Clashes between the celestial busy-bodies

Solar System Astronomy in America

June 27, 1997

Twentieth-century astronomy in the United States acquired world leadership thanks to the pool of experts in celestial mechanics, astrometry, photographic photometry and spectroscopy that gained access to the great telescopes at Yerkes, MacDonald, Mount Wilson, Palomar and Mount Hamilton. Key personalities were Simon Newcomb, Lewis Boss, Edward Pickering and George Ellery Hale, who were able to enthuse business tycoons of the age. By 1920, the opening year of Ronald Doel's book, modern American stellar astronomy had an impressive record. But the solar system had not shared in the attention; if anything the reports of canals on Mars, though exciting to the public, had turned astronomers away from planets and their satellites.

Asteroids, the solar constant, planetary chemistry, comets, lunar craters and big science roughly characterise the six chapters in which Doel relates how the solar system community arose and developed from 1920 to the beginning of the space age, each chapter telling of the storm before the calm by reference to the clashing views of the principal actors. The benign mantle of the captains of industry was assumed by the Office of Naval Research and, later, the National Science Foundation.

The book's concentration on the participants and their interactions reveals that intermarriage between astronomy and nonastronomical disciplines led to repeated clashes that are surely relevant to understanding developing scientific culture in other fields where cross-fertilisation is taking place. Chemistry, which impinged on astronomers at the eclipse of 1868, was discomforting, but at least J. N. Lockyer was an astronomer, not a chemist; spectral lines became a part of astrophysics. Later when chemist Harold Urey, author of The Planets, started telling astronomers about the chemical composition of the moon and planets, there was resistance, illustrated in part by his less-than-smooth interaction with Gerard Kuiper, founder of the Lunar and Planetary Laboratory in Tucson. Other players were Smithsonian astronomer Fred Whipple and Chicago physicist Harrison Brown, while Whipple and the Harvard astrophysicist Donald Menzel also rocked the boat by their advocacy of rocketry, a technique to be exploited by physicist J. Van Allen. The volcanic origin of lunar craters, favoured by astronomers, was put to rest in 1949 by Ralph Belknap Baldwin in The Face of the Moon, a convincing book that adduced wartime statistics on bomb craters. Other foreign techniques were introduced by radiophysicists: J. H. Piddington and H.C. Minnett needed a lunar dust surface to account for their 1949 microwave light curve; microwaves also revealed, to J.A. Roberts and Radhakrishnan, the magnetic field of Jupiter. J. M. Pettengill and J. V. Evans found the rotation period of Mercury by radar, while V. R. Eshleman assayed the Martian atmosphere with bistatic radar.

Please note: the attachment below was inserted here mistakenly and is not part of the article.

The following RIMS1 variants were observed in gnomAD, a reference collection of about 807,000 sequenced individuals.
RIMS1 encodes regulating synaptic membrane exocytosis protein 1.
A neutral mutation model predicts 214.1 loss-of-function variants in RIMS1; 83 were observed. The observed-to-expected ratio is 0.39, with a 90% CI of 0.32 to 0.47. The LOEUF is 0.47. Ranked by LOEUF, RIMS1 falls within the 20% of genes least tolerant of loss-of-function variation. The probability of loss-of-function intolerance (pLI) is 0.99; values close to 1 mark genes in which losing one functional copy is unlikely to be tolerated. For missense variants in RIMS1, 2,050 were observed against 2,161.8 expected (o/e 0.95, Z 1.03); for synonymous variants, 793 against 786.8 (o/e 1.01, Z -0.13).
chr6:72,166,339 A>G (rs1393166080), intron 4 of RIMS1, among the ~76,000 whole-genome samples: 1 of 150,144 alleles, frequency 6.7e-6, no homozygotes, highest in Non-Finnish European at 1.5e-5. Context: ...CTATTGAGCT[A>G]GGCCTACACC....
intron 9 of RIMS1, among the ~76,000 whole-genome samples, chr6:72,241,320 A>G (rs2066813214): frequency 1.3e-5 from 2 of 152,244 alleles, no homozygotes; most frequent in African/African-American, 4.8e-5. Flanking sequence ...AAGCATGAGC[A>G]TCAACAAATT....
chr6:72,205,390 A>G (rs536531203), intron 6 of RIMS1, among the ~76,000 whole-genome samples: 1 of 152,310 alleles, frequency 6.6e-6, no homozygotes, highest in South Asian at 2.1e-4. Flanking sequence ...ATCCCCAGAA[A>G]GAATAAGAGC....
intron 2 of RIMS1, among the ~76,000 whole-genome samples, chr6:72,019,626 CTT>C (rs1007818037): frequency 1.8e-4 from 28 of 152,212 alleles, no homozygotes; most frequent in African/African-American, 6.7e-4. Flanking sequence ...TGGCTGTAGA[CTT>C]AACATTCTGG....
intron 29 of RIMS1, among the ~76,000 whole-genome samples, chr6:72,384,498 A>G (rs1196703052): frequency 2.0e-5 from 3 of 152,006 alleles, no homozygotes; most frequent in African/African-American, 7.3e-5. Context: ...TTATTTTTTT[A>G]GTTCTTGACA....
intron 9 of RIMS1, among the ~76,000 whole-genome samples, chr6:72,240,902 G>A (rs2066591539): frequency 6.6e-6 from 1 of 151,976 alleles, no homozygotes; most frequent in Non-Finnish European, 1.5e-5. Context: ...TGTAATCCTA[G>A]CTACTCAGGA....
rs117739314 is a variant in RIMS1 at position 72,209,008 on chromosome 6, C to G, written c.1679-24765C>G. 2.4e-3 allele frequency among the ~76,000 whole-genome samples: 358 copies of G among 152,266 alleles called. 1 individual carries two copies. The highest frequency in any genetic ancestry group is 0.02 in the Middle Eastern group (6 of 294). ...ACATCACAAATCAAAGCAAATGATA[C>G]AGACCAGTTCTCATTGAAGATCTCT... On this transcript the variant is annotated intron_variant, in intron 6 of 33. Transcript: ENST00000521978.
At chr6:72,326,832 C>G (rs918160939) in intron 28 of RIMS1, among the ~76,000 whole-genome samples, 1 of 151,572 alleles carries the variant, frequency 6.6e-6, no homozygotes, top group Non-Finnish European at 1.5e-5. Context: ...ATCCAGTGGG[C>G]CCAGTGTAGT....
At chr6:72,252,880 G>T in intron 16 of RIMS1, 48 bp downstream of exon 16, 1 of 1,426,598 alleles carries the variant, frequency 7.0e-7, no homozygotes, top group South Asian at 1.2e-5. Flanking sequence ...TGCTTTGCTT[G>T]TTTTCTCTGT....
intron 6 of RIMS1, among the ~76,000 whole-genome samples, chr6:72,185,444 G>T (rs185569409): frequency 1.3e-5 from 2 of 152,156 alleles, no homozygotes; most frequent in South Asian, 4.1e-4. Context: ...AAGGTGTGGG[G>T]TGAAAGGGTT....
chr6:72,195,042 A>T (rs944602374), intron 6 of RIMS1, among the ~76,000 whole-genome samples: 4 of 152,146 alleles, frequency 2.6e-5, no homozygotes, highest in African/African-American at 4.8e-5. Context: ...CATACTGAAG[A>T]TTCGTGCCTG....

Further exotic background was imported into planetary studies by geologist Eugene Shoemaker, while engineer-by-training Tom Gold reasoned that lunar particles blown up by countless micrometeorite impacts could become ionised by solar ultraviolet and, on return, could influence land forms through electrostatic effects. In his Cornell laboratory he simulated fairy-castle microstructures, later photographed on the moon by an astronaut using Gold's camera-on-a-stick. Lunar dust contaminated the astronauts' clothing, alarmingly endangered the plug and socket connectors of their oxygen supply, and accounts for the low velocity of lunar seismic waves. American hard-rock geologists to this day have trouble accommodating Gold's cross-cultural intrusions, including his idea that bacteria have mediated bulk mineral deposits. Even so, the black stuff of Halley's comet is a sign, and re-exploring Mars is now being discussed in terms of rock-eating bacteria. Biology will administer astronomy's next culture shock.

Ronald N. Bracewell is emeritus professor of electrical engineering, Stanford University, California.

Solar System Astronomy in America: Communities, Patronage and Interdisciplinary Science 1920-1960

Author - Ronald E. Doel
ISBN - 0 521 41573 X
Publisher - Cambridge University Press
Price - £40.00
Pages - 280

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